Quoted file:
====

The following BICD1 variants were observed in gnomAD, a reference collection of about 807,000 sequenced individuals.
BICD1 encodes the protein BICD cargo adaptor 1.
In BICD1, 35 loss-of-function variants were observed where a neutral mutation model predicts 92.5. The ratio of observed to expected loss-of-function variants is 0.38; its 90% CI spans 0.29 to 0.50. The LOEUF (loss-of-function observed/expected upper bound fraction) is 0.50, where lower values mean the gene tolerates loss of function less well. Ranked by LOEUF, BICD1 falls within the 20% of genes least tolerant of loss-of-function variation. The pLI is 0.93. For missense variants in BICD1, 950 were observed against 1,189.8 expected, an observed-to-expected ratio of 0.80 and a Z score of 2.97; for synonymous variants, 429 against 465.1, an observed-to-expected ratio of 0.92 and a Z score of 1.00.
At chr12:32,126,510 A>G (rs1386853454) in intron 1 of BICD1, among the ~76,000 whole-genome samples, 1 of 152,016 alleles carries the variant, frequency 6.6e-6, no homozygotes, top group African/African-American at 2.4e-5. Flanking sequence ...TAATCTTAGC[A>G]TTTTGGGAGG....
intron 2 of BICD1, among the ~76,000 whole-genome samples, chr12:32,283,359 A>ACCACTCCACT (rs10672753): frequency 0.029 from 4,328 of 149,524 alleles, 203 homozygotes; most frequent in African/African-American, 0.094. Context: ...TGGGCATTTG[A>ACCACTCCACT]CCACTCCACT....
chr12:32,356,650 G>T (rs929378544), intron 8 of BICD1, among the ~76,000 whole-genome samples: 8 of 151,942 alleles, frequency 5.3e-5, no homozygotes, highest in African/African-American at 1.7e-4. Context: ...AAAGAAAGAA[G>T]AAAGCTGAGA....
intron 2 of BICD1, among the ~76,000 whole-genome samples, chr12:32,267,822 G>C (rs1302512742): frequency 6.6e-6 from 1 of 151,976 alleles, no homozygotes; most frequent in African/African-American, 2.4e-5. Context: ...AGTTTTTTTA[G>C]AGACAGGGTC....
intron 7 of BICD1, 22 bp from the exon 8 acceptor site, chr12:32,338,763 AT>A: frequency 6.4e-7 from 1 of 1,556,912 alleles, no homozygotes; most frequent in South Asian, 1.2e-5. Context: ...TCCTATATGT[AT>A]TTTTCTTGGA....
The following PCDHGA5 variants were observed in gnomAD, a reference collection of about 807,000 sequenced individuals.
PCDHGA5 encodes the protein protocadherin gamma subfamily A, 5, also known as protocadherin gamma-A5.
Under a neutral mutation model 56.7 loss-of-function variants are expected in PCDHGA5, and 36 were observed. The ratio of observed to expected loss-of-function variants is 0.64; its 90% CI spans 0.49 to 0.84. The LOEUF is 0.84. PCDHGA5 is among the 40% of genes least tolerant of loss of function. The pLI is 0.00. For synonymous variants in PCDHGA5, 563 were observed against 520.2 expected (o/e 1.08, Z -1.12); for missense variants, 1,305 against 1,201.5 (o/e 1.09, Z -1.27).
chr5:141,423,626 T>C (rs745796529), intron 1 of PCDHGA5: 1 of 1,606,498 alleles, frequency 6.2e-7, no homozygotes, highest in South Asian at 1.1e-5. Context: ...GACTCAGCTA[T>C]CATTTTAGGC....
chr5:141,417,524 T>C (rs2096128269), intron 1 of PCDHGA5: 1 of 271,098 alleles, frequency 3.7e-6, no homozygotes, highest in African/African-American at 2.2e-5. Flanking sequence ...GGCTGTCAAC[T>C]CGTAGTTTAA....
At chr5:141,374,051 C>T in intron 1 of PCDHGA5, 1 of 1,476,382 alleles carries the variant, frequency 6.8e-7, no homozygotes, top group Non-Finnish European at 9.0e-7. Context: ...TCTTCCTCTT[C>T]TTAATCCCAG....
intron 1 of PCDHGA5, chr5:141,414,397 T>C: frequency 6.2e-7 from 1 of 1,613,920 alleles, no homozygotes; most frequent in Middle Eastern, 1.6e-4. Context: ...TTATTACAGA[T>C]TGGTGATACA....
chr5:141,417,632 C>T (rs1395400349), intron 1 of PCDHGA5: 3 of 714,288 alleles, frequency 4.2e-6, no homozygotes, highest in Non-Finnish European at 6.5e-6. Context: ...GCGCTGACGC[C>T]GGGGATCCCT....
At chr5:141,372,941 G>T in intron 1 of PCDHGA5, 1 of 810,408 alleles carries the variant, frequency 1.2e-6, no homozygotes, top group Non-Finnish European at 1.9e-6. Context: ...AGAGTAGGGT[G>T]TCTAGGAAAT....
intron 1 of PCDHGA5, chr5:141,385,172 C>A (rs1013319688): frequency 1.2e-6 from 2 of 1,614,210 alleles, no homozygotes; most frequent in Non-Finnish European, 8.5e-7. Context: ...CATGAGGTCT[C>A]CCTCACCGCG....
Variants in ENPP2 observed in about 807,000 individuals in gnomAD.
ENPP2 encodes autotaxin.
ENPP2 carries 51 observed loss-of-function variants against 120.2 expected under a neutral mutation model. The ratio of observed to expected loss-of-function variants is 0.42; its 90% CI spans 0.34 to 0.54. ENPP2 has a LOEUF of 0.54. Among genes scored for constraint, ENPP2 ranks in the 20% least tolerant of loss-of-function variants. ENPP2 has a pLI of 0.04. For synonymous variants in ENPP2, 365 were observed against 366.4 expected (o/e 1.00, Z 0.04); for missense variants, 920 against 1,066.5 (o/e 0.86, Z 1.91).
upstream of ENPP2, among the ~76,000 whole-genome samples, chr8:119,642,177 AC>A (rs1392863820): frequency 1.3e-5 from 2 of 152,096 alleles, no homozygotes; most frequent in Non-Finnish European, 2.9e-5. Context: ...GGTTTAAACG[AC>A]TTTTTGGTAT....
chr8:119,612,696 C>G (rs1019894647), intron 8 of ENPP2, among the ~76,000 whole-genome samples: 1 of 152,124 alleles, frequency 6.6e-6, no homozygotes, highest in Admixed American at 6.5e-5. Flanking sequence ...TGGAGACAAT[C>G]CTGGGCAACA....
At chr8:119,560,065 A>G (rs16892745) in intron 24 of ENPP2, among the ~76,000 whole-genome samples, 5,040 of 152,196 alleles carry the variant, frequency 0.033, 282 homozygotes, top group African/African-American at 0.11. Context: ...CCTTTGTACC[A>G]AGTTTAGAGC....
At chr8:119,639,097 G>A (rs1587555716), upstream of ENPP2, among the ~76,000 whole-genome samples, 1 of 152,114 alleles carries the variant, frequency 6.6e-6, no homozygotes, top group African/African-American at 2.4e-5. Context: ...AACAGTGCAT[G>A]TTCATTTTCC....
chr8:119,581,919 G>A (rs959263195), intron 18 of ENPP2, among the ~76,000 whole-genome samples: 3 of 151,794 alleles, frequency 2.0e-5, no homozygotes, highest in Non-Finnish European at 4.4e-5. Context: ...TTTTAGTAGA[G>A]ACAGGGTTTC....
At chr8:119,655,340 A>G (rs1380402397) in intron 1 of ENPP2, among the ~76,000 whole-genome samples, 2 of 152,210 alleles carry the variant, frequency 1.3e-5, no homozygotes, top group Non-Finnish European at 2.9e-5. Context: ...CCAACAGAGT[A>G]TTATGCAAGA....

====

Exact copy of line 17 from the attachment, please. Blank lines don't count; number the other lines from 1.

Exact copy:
At chr5:141,372,941 G>T in intron 1 of PCDHGA5, 1 of 810,408 alleles carries the variant, frequency 1.2e-6, no homozygotes, top group Non-Finnish European at 1.9e-6. Context: ...AGAGTAGGGT[G>T]TCTAGGAAAT....